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Stewart hired as first U.S. national team general manager

Since his retirement as a player, former U.S. national team legend Earnie Stewart has served a major technical role in four different clubs - both in Holland and the United States. Now he will be looking to be in charge of reviving the U.S. team. 
BY Brian Sciaretta Posted
June 06, 2018
10:05 AM
AFTER MONTHS OF speculation, it is of little surprise that Earnie Stewart has been named the first general manager of the United States men’s national team. U.S. Soccer created the position following the failure of the team to qualify for the World Cup and Stewart will formally take the job on August 1.

It is easy to see why Stewart was selected. In addition to being a three-time World Cup veteran with over 100 caps for the U.S. national team, he also has 12 years of technical leadership with VVV Venlo, NAC Breda, AZ Alkmaar, and the Philadelphia Union.

Following his retirement, he took the sporting director job with VVV Venlo in 2005. He moved into the same position a year later at NAC Breda on May 14, 2006. In June 2010 he was named director of football affairs at AZ Alkmaar where he remained until October 2015 when he took over as the technical director for the Philadelphia Union

Now he will be looking revive the U.S. national team and run the overall program.

“My responsibilities as a general manager are focused on the U.S. Men’s National Team,” Stewart said.
“Everything that has to do with the team, from the scouting process to getting players into camp together with the head coach of the National Team. We want to make sure there’s a clear process of our style of play, that there’s a clear process of the way we want to play and make sure that we win games.”

Of course, the most pressing issue facing Stewart is the hiring of the next U.S. national team head coach. After Bruce Arena stepped down in November, the team has been led by interim head coach Dave Sarachan.

The U.S. team does not have meaningful games until next summer’s Gold Cup but Stewart believes that hiring the next coach should be done soon but also that the federation needs to do its due diligence.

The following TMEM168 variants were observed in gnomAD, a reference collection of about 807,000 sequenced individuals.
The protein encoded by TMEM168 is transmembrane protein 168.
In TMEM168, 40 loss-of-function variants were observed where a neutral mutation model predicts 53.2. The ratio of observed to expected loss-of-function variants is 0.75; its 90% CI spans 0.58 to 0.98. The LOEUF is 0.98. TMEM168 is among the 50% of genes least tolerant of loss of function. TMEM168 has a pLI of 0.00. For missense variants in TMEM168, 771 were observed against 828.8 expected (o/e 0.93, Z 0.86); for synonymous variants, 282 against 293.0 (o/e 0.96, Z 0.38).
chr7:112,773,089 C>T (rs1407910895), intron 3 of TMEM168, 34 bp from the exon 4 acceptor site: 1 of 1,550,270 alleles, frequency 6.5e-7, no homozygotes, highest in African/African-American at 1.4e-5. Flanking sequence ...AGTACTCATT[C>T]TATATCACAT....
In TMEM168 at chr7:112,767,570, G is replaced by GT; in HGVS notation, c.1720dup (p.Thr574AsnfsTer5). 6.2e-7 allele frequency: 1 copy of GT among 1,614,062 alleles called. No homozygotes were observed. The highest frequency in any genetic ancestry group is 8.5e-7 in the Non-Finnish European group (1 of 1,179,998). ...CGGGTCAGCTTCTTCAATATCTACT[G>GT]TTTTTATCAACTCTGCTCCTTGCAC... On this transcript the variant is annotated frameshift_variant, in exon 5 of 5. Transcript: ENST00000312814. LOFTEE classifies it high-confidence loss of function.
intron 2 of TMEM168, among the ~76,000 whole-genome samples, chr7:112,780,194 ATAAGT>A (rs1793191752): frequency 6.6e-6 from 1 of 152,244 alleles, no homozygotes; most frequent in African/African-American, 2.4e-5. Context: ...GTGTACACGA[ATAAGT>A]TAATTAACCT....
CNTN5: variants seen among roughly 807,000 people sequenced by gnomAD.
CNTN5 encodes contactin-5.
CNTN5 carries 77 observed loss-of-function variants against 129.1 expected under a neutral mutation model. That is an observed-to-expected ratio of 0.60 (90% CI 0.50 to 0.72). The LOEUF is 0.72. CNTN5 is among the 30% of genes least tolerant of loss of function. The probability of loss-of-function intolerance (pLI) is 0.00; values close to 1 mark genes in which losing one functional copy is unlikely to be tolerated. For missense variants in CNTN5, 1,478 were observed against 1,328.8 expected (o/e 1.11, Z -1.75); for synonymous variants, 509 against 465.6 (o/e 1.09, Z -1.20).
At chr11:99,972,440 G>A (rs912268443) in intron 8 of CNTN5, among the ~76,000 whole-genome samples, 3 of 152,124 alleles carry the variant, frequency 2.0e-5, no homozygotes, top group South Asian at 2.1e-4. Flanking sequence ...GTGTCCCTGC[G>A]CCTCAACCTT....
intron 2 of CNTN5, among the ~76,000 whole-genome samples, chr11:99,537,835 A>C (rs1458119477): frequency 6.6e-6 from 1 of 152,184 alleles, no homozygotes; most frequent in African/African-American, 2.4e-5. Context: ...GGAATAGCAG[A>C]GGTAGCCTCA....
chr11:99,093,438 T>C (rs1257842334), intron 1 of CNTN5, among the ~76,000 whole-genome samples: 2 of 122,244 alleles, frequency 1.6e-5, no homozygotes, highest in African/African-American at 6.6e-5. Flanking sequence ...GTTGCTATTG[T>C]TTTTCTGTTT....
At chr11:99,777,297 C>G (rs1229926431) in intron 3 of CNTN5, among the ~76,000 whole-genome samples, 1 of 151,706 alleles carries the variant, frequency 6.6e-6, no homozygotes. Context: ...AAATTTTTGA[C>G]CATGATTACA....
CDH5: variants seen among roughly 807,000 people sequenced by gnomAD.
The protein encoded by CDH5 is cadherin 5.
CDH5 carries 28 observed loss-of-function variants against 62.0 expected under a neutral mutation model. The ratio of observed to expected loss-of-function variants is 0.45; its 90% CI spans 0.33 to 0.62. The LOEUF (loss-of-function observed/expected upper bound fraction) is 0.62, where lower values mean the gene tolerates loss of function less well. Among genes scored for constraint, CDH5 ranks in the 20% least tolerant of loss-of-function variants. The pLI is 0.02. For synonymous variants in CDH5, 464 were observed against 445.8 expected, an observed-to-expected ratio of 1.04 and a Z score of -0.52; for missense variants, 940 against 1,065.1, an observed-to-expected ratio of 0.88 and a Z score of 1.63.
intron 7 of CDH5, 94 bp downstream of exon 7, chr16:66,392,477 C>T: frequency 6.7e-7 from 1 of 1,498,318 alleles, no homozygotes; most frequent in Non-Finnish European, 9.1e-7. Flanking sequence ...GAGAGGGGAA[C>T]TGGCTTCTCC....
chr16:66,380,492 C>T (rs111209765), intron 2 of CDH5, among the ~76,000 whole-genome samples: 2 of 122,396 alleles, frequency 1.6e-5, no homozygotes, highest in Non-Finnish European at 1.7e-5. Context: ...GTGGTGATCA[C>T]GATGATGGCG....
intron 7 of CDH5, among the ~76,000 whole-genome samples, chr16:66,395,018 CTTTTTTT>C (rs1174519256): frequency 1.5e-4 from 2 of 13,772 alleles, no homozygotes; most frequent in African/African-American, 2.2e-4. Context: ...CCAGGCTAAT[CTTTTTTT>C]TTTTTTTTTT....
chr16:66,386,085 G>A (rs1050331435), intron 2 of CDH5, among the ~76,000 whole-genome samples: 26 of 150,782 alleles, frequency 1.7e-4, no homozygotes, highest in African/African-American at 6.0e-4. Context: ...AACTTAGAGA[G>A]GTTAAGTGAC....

“As quick as possible,” Stewart said on when he wants to have the next head coach named. “I think the head coach is the most important person within the National Team. He's the man on the sideline. He's the man that selects the players and he's the man after the game that stands in front of the nation and tells them what they have just seen. I think that's very important. As we had the process in getting a General Manager, I think a similar process needs to take place for a head coach. We’ll do our due diligence. It’s very important to make sure we make the right choice.”

While in Europe, Stewart showed that he was ready to make tough decisions. In 2013, AZ Alkmaar was having a good start to the season. But at the end of September after an impressive victory over PSV, Stewart and the club’s board fired manager Gertjaan Verbeek saying they were not satisfied with the chemistry between the coaches and the players.

Several former U.S. players echoed their support on Wednesday.

“Earnie’s successes on the playing field and now off the field are not a surprise to any of us who know him or have played with him,” said Landon Donovan. “He is extremely hard working, intelligent, passionate, and liked and respected by all. Just as important, he has a tremendous amount of pride in representing the United States. We all have full confidence that Earnie is the right person to be the General Manger and to continue the growth of our National Team.”

Fellow 2002 World Cup teammate Brad Friedel agreed.

“I think it’s a tremendous hire for U.S. Soccer,” said Friedel. “Earnie knows the landscape of soccer everywhere in the world, and most importantly he understands how the U.S operates, the challenges there currently are, and will have great ideas on how to overcome them. He took tremendous pride in representing the program as a player, and will bring that same commitment to his new role.“

The August 1 start date could lead to a smaller pool of candidates since the European preseason is underway and most teams now have coaches and coaches with expired contracts after the World Cup could have found another job.

But more than any head coach candidate, what the team needs is badly is team chemistry and various reports over the past year have suggested a fractured locker room and team culture. And that is what is needed most and will be Stewart’s biggest challenge in the years ahead.

“It starts with our culture,” Stewart said. “The culture of professionalism, of having values with each other and then reacting to those values. Coming into camp every single time and making sure that everybody knows exactly where they stand and who they are. It creates a culture that is very strong. Once everybody believes in the same goals, there's going to be an automatic team chemistry. I truly believe that if everybody understands their roles and responsibilities, not only of themselves, but of everybody that’s next to them, you create this great team chemistry."

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